Convoy inspires rule-breakers: Winkler biz
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Hey there, time traveller!
This article was published 07/02/2022 (412 days ago), so information in it may no longer be current.
A Winkler restaurant owner believes the number of would-be diners who try to flout COVID-19 face mask and proof-of-vaccination rules seems to have jumped recently.
He wonders if supporters of Canadawide protests against mandatory coronavirus vaccinations for truckers crossing the border have become emboldened.
The restaurant owner said he has had to call police numerous times to deal with people who ask to be seated but refuse to follow rules imposed by the provincial government, including as recently as Saturday.
In the latest incident, the people left before police arrived.
“They tried to get in without having been vaccinated. This happens non-stop,” said the owner. “It’s an ongoing struggle, where we get harassed because we are following the rules.”
He spoke to the Free Press on the condition he remain anonymous because he fears reprisals from Winkler residents.
Public health orders and vaccines are a “pretty touchy” subject in the city, he said, and he fears he will lose business for speaking out.
He has grown tired of people “constantly” ignoring the rules and verbally abusing his staff. So have his employees.
“We’ve lost a lot of staff, specifically servers,” the man said.
Customers are required to wear face masks when they aren’t seated, and they must show proof they are double-vaccinated to dine in.
The owner said his staff ask customers to wear masks and show their vaccination card or QR code.
If someone refuses to show proof of vaccination, they are turned away, he said.
“We’re following all the guidelines that our health inspector has set out for us,” he said. “We follow the rules. We don’t take a stance on what’s going on (with restrictions and mandates). We want to keep as many customers as we do have left.”
Parts of the Southern Health region, including Winkler, have become known for anti-mask, anti-restriction and anti-vaccine sentiment.
“Everything you hear in the news is very accurate about the Southern Health region,” he said. “With the (truckers) Freedom Convoy, it’s all started again where people are trying to come in with no masks, no vaccination cards, no rules. That really hasn’t helped us.”
Big-box stores in Winkler were recently accused of turning a blind eye to maskless shoppers amid the surge of the highly contagious Omicron variant.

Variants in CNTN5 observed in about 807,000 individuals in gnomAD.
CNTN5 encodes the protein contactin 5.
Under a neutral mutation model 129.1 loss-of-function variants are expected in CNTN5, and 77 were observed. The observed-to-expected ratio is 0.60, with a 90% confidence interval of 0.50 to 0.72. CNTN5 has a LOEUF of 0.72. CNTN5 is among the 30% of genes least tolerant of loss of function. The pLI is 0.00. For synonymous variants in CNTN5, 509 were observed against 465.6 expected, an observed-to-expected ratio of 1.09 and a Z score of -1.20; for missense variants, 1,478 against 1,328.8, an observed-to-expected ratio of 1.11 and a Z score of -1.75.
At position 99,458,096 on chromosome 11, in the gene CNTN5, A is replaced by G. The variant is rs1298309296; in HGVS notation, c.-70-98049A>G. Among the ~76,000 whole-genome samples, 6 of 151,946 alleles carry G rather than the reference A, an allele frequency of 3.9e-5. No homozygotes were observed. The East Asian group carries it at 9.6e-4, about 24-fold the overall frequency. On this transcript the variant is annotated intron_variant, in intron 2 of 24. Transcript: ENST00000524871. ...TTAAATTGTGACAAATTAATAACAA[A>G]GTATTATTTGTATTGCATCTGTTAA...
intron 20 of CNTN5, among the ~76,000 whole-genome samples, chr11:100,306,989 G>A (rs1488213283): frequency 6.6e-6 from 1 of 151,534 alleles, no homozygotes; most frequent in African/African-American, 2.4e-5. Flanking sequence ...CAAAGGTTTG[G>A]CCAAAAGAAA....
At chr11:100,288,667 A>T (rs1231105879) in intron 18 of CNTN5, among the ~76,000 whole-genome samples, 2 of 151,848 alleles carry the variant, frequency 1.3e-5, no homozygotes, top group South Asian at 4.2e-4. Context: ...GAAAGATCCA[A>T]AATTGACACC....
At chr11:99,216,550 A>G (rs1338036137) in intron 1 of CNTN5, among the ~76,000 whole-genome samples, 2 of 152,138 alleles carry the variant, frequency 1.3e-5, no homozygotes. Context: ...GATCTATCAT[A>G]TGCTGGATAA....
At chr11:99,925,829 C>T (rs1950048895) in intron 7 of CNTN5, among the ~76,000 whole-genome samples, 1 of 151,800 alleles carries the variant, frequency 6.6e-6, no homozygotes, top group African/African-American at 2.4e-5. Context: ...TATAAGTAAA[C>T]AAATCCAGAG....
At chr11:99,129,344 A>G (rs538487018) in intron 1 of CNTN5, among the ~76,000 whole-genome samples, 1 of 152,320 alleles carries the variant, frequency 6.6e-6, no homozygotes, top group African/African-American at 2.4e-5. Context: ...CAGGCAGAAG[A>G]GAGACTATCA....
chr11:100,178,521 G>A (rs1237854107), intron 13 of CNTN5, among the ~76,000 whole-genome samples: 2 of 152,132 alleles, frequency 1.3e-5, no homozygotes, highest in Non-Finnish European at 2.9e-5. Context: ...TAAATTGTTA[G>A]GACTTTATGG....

By health district, Winkler has the second-lowest uptake for COVID-19 vaccines in Manitoba. Just 42.6 per cent of eligible residents had had two doses as of Sunday, the province’s online dashboard shows.
The lowest uptake is in the Rural Municipality of Stanley, which surrounds Winkler and Morden. The RM of Stanley’s two-dose total is 21.9 per cent.
Claims of restaurants flouting public health orders have flared in recent days.
A post on Facebook claimed Winkler restaurant Del Rios was opening its dining room to “everyone,” hinting to unvaccinated customers, as of Saturday. The restaurant declined to comment.
In September, it was fined $5,000 for allegedly violating Manitoba’s COVID-19 rules.
Winkler police Chief Ryan Hunt said he was aware of the Facebook post, but he wasn’t aware of any members of the public complaining about Del Rios.
Officers have not gone to the restaurant in recent days to check if it is following the rules, he said.
“We’ll monitor it, and if any enforcement action needs to be taken, we’ll certainly go ahead and do that,” said Hunt.
He said he wasn’t aware of any restaurants that had illegally opened up dining to unvaccinated customers.
Mayor Martin Harder said he, too, hasn’t heard anything.
He expressed displeasure over some residents using social media to create “division” within the community.
Harder encouraged people to follow the rules and be patient after Premier Heather Stefanson said last week the government hopes to have a restriction-free Manitoba this spring.
“I think there’s a spirit of wanting to open up, and I think that it’s foolish to keep pushing when you’re already making progress,” he said. “It’s a matter of a short period of time when we should see the light of day.
“Sometimes you push so hard that your pushing becomes a negative, and it’s contrary to what you’re trying to accomplish.”
Attitudes would change if people focused on positive things, he said.
As a general assignment reporter, Chris covers a little bit of everything for the Free Press.
Gabby is a big fan of people, writing and learning. She graduated from Red River College’s Creative Communications program in the spring of 2020.
Updated on Tuesday, February 8, 2022 12:12 PM CST: Photos changed.